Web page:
It's not how you think. A Boston research group called the Web Ecology Project has analyzed 12 of the service's most popular users over the course of a 10-day period, in order to understand how influence works on Twitter. The result of the 18-page report (PDF)? It doesn't matter how often you tweet. It matters why you tweet, and the role you play in followers' feeds.
In the last couple of days I've had reasons to reflect on this dichotomy. Although things can happen really fast online, the process by which they tip is usually quite slow. And for good reason. Trust is something you build over time. Also, many confuse grabbing what is easy to grab for building a relationship, thinking that a fait accompli would let them get away with less than transparent business practices. With technology as an accelerator, it is easier to put the cart before the horse - to try and get what you want before you established a relationship of trust. When in doubt, ask first. It's easy to get excited with the possibilities and lose sight of the fact that there are humans on the receiving end. Wasn't that the promise of the social Web? Or has that already been forgotten in the need for a fast buck?
Surchur has been around for more than a year, but its recent facelift aims to take real-time search toward a new idea: real-time discovery. It may sound like splitting hairs to some, but the point is valid: Real-time search isn’t of much value if you don’t know what to type into the search box. This is why Twitter’s new home page has links to a couple dozen trending topics. It’s why the new delicious.com home page has a tab showing the hottest bookmarks. It’s why Collecta shows what’s “hot now” on its home page, and why OneRiot does, too. But Surchur is going a lot further with its new home page. Founder Todd Hogan calls it a merger of real-time search with real-time discovery.
Social media has enabled conversations to occur asynchronously and beyond geographic constraints, but they are still typically bounded by a reasonably well-defined group of participants in some sort of shared social context. Network-driven genres (e.g., social network sites, microblogging) complicate this because people follow the conversations in the context of individuals, not topical threads. Yet, conversations still emerge between dyads and among groups.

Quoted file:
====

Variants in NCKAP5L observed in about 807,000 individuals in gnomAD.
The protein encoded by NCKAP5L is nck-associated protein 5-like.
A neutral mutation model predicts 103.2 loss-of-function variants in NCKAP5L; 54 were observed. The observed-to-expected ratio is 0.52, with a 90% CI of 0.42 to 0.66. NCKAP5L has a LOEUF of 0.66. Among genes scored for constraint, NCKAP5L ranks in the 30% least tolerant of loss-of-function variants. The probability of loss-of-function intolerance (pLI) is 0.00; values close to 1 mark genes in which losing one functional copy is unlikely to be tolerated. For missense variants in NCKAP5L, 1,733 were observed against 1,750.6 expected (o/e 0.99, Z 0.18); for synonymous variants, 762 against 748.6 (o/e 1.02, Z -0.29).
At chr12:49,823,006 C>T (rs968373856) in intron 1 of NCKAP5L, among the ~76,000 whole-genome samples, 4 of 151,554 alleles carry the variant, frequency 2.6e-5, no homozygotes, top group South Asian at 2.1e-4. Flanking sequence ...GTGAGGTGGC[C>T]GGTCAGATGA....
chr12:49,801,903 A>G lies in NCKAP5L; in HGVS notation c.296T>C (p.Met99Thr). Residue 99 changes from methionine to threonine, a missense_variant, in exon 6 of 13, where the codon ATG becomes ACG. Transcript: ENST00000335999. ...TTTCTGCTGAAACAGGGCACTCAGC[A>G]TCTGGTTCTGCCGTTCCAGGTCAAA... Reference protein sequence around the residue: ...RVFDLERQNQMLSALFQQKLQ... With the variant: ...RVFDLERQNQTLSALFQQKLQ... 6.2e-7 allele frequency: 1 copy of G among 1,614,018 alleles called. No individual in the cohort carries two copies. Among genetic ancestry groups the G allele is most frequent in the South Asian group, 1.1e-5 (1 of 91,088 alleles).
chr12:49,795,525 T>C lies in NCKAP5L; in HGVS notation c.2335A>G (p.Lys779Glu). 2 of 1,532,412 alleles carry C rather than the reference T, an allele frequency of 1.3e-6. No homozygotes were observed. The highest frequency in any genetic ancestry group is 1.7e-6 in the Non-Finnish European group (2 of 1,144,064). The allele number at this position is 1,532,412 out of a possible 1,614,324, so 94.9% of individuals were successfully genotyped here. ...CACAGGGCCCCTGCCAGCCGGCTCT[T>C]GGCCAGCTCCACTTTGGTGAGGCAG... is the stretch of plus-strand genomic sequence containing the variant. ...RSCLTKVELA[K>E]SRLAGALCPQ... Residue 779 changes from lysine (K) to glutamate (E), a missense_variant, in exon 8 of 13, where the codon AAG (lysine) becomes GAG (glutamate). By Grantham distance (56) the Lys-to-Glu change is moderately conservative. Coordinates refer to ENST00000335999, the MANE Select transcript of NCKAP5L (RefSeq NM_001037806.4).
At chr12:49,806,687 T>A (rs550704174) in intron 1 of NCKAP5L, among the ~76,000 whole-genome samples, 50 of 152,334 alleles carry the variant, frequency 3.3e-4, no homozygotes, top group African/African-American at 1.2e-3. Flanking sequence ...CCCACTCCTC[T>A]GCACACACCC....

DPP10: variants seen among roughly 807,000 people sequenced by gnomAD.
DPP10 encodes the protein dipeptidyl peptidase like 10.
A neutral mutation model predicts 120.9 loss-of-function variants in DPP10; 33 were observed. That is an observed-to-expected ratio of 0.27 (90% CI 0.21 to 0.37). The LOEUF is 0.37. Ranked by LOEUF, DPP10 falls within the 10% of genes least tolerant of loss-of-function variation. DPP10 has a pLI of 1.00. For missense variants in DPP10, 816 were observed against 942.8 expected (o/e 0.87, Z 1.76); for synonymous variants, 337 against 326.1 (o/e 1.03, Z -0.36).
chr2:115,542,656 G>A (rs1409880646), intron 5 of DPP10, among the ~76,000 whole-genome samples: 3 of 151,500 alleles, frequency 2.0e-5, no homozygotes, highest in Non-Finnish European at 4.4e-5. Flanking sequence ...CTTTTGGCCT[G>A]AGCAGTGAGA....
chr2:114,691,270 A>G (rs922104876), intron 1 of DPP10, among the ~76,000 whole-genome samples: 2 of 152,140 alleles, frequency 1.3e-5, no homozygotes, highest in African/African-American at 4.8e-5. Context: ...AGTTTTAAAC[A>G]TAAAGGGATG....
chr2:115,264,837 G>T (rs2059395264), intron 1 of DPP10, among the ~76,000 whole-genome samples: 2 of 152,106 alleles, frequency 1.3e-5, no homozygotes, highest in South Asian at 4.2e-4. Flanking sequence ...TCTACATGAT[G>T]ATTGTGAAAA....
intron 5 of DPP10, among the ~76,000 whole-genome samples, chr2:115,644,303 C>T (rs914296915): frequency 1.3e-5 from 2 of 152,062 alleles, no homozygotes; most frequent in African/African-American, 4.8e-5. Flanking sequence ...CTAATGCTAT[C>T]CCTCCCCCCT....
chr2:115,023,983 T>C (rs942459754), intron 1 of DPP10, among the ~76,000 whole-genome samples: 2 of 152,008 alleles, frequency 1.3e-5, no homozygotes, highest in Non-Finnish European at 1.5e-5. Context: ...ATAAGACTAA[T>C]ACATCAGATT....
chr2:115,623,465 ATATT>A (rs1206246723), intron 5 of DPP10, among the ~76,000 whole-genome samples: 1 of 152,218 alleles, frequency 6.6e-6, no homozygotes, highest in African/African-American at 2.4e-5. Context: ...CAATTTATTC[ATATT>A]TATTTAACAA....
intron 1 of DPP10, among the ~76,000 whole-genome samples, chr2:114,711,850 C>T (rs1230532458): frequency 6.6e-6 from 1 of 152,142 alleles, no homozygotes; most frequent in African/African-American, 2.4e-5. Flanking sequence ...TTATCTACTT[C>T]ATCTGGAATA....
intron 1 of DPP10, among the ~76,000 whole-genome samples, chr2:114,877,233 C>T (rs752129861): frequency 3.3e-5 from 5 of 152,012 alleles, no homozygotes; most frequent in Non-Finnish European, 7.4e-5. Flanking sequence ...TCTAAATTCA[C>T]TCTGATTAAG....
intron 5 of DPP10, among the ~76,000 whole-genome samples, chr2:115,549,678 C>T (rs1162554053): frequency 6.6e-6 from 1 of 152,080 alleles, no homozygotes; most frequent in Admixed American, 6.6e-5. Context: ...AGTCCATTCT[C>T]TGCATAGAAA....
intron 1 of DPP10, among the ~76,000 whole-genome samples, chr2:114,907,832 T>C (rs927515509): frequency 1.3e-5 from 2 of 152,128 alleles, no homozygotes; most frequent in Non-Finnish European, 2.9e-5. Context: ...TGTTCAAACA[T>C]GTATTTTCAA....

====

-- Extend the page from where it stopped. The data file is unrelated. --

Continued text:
Giving your brand a social life on the web takes more than a username and an avatar. It takes a lot of time, and a surprising amount of planning and attention. Here are 5 key steps and 3 key continuous activities that brands need to go through in order to successfully participate in online conversations and forge meaningful connections with people who care about their product.
David Weinberger tells the story of Jake McKee, the man who taught Lego how to have a conversation with its consumer. It turns out McKee supplied a crucial piece of Lego's cultural intelligence.
In most interactions, we take a defensive posture. We try to defend the brand, or our turf or our job. The problem with defense is that it's static. The best way to get smarter, to embrace and to cause change and to triumph in times of market turmoil is to adopt the scientific method. Ask yourself, "what do I believe that's wrong? How can I change the way I do things? What works? What doesn't?"
Southern Comfort just moved its entire $8m media budget online. Whole Foods was the first brand with 1m followers on Twitter. Coca-Cola pioneered brand generosity on Facebook. Underlying all of this is the fact that social media is the great equalizer. Not just between brands and the consumers of these brands, but between dominant brands and their challengers.